A “best ball” archetype exists at the wide receiver position. Those who don’t understand and leverage this player type put themselves at a disadvantage in best ball leagues. Unlike traditional leagues where the user sets a lineup, a player’s proclivity for upside weeks outweighs the importance of a high floor. Having players who will produce zero boom weeks constitutes a waste of a roster spot. Every player on a best ball roster should offer boom week upside and the ability to land in the starting lineup multiple times in a season. Slot receivers offer little appeal in this format because they don’t provide big plays and score fewer touchdowns. Field stretching wideouts such as Will Fuller offer much more appeal because they can explode in a few matchups and help your team. Even if they prove useless in more weeks than not. Too many pairings of wide receivers from the same team have similar ADPs (sourced from the Draft app henceforth) and belong in different tiers from each other. We’ll check out a few, using advanced stats, metrics and analytics, to identify how to avoid falling on the wrong side of these decisions.
Packers: Marquez Valdes-Scantling (ADP 83.00) vs. Geronimo Allison (ADP 93.00)
The decision here is Marquez Valdes-Scantling and not the unexciting Geronimo Allison. While Allison should see more targets throughout the season, those targets will produce more WR3-level weeks than anything else. Which isn’t all that helpful in best ball formats, where you want to shoot for the moon. MVS will return several big weeks and several duds, which works out well because the computer sets your lineup for you retroactively. His 117.6 (97th-percentile among qualified receivers) Speed Score alone warrants taking him over Allison, who has an 84.7 (23rd-percentile) Speed Score.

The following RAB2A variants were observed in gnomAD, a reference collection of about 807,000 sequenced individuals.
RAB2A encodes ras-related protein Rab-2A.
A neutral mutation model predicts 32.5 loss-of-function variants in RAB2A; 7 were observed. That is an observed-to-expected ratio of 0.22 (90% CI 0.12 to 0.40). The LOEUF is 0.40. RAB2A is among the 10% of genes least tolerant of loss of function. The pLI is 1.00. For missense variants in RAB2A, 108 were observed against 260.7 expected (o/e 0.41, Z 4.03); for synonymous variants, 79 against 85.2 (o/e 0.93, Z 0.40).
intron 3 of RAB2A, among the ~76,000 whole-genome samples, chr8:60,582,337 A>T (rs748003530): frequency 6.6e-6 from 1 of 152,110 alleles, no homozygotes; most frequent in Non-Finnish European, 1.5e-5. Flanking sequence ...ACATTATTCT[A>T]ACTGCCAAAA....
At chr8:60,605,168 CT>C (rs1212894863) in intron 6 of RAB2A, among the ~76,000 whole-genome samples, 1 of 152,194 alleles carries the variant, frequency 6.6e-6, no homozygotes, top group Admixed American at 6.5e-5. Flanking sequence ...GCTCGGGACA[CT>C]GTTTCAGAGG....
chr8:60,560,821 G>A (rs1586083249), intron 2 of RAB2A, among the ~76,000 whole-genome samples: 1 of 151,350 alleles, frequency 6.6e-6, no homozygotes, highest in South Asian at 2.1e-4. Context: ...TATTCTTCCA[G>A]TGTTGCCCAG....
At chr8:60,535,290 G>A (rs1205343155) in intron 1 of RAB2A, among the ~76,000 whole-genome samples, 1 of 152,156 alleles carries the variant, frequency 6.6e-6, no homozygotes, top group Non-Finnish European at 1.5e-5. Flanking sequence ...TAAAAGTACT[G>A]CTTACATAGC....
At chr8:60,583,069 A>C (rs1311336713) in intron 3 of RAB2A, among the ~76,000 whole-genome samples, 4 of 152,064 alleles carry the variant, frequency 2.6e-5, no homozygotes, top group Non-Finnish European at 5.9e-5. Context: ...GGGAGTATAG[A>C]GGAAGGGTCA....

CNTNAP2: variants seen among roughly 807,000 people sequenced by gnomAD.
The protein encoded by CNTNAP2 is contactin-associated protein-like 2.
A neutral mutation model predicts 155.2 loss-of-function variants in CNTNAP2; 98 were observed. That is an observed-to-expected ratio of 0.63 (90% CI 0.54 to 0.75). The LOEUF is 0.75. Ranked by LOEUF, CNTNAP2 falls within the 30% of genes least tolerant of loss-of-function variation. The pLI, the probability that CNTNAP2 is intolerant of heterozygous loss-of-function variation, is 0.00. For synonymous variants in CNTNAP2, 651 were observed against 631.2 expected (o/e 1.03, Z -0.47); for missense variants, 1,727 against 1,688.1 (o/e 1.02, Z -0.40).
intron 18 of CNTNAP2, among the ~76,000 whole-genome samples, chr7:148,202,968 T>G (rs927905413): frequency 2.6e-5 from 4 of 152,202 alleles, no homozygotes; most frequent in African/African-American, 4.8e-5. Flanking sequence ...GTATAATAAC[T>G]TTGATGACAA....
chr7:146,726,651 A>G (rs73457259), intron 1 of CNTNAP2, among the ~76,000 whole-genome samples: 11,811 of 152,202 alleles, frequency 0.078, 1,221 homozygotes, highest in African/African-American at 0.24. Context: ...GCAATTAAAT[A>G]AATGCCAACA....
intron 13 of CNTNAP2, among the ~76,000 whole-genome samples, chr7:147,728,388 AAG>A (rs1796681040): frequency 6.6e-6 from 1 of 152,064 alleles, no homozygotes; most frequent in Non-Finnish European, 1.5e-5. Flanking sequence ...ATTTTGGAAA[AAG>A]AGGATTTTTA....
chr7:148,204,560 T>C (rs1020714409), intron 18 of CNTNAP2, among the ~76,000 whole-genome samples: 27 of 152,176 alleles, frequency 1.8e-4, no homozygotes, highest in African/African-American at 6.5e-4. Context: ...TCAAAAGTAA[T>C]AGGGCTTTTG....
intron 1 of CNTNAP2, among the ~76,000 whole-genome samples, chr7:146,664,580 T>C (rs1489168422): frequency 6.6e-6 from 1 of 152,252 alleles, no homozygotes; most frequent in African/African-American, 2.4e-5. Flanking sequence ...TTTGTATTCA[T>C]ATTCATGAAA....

Check out Marquez Valdes-Scantling on PlayerProfiler’s “World Famous” Draft Kit:
While Allison averaged more Air Yards per target in 2018, it was over a tiny five-game stretch. Looking back to 2017, Allison mustered 3.4 Air Yards per Target and 6.5 (No. 78) Yards per Target. All while scoring zero touchdowns in 12 games. Valdes-Scantling recorded 5.1 Air Yards per Target in 2018 along with 8.1 (No. 49) Yards per Target overall, better numbers though no world-beating by any means. He scored two touchdowns all year, but at least offers the long-ball ability. It’s also encouraging that he scored 1.2 touchdowns below expectation, meaning more scores should be forthcoming. Unless we find out that MVS will not be on the field in three-wide sets, he’s the easy choice here.
Broncos: Courtland Sutton (104.80 ADP) vs. Emmanuel Sanders (116.50 ADP)
These two wideouts shared similar efficiency metrics in 2018, despite the perception that Courtland Sutton was a disappointment. He totaled 700-plus receiving yards and four touchdowns with sub-par quarterback play in his rookie season. Furthermore, Sutton’s 72.6-percent Catchable Target Rate ranked 78th in the NFL among wide receivers. His yards and Air Yards per Target were both close to the marks posted by Emmanuel Sanders. Sutton trailed in Catch Rate and total production, but Sanders benefited from a 90.8-percent (No. 4) Catchable Target Rate.
The biggest factor was variance. The most telling sign that Sutton is the proper best ball pick, however, is that he posted a 14.6 (No. 19) Average Target Distance compared to 10.0 (No. 72) for Sanders. If the target quality evens out between the two, Sutton should return better value in best ball formats.
Washington: Trey Quinn (213.10 ADP) vs. Terry McLaurin (214.90 ADP)
Assuming that Terry McLaurin is on track for a starting role, this is the most heinous pairing yet. Though he offers more, McLaurin needs nothing else besides his 20.0 (93rd-percentile) college yards per reception mark at Ohio State to prove that he can deliver splash plays and long touchdowns.
Meanwhile, in Trey Quinn‘s three games last year, he managed a mere 8.3 yards per reception. Which isn’t much worse than his 10.8 (7th-percentile) college yards yards per reception mark at SMU. McLaurin may be volatile, but he should deliver multiple weeks with higher output than Quinn’s best week in 2019. He belongs several rounds ahead in best ball formats, where Quinn should not be drafted at all. His 114.6 (95th-percentile) Speed Score also dwarfs Quinn’s 92.1 (45th-percentile) score, meaning Quinn will not be operating deep down the field.